Flyers

Wayne Simmonds receives thunderous ovation from Flyers fans ... then gets his boos

Wayne Simmonds receives thunderous ovation from Flyers fans ... then gets his boos

Wayne Simmonds was traded to the Flyers in June 2011.

He was 22 years old and had scored 39 career goals. He was a subplot as the Flyers sent captain Mike Richards to the Kings.

Simmonds had no idea what to expect with Philadelphia.

"I was just coming in here trying to prove myself as a good hockey player," he said Wednesday night.

The city ended up falling in love with a power forward that personified its toughness and loyalty — oh, and who could score some goals.

Eight years following the trade, Simmonds is considered synonymous with Philly. He returned home Wednesday night as a visiting player, for the first time since being dealt by the Flyers at last season's trade deadline.

The fans at the Wells Fargo Center gave Simmonds a roaring ovation during the first period ... and then he got his boos (which he wanted).

"I could have never imagined in my wildest dreams that they would take to me like they did," Simmonds said before the game. "Obviously it's an honor."

Following back-to-back 30-plus-goal seasons, Simmonds' body went through hell in 2017-18. His production dipped and Simmonds went into 2018-19 — the final year of what turned out to be a bargain contract — without a new deal. The struggling Flyers fired general manager Ron Hextall in late November and hired Chuck Fletcher as his replacement in early December.

At that point, holding on to Simmonds, who turned 31 this summer, seemed unlikely for a team with new management and shifting its focus to 2019-20.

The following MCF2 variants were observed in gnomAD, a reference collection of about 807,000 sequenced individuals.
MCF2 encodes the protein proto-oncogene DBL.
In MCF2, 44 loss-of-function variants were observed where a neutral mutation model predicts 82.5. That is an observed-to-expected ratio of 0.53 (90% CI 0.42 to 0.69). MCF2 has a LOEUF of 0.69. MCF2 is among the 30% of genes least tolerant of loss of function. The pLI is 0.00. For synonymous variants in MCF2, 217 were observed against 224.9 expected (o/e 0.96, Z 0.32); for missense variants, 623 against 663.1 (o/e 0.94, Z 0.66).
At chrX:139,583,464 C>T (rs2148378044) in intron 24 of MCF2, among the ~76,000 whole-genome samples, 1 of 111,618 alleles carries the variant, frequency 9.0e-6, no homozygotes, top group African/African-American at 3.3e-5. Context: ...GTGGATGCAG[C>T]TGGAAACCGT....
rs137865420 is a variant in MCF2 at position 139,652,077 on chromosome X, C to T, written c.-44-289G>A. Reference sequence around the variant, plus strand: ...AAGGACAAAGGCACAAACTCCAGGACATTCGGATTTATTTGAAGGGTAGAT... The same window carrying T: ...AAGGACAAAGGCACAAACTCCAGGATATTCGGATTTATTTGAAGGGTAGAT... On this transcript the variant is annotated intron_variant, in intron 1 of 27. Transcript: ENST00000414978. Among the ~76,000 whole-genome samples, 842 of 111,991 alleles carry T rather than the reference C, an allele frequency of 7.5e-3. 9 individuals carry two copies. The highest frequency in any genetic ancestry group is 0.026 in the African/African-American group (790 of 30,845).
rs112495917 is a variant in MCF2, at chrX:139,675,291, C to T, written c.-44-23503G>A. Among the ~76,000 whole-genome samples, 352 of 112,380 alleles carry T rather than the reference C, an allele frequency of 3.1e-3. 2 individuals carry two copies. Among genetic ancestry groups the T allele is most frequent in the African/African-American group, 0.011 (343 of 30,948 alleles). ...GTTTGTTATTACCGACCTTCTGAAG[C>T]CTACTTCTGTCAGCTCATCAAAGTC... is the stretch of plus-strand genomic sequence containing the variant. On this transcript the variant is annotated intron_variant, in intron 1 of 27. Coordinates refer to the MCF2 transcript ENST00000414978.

He was traded to the Predators in February and signed by the Devils to a one-year, $5 million deal on July 1.

Most of the dealings we had were with Hexy and they didn't go too well. So when Chuck came in, I think it was a little too far along at that point. I think they were kind of looking to recoup [some assets]. Obviously, I was that player — I don't know how to say it — that they didn’t want me ... but I’m ready to play hockey this year.

I think I deserved a little bit better. I put so much time and sweat and tears into this organization. I thought I did everything I could possibly to at least get a little bit of an extension. But it is a business at the same time. It all just sucks to hear that you’re obviously not thought of how you think you’re thought of. 

I feel great now, to be honest. I’m skating a million times better than I was last year. Doctors told me last year that it would take me six months. It took me six months to heal, not prepare myself for a hockey season. I was in a little bit of a different state mentally and physically but now I’m feeling good.

Here are more sights and scenes from Simmonds' return:

Click here to download the MyTeams App by NBC Sports! Receive comprehensive coverage of your teams and stream the Flyers, Sixers and Phillies games easily on your device.

More on the Flyers

Flyers' Oskar Lindblom diagnosed with Ewing's sarcoma

usa_oskar_lindblom_flyers.jpg
USA Today Images

Flyers' Oskar Lindblom diagnosed with Ewing's sarcoma

Oskar Lindblom, a 23-year-old forward on the Flyers, is expected to miss the remainder of the 2019-20 season after being diagnosed with Ewing’s sarcoma, the team announced Friday afternoon.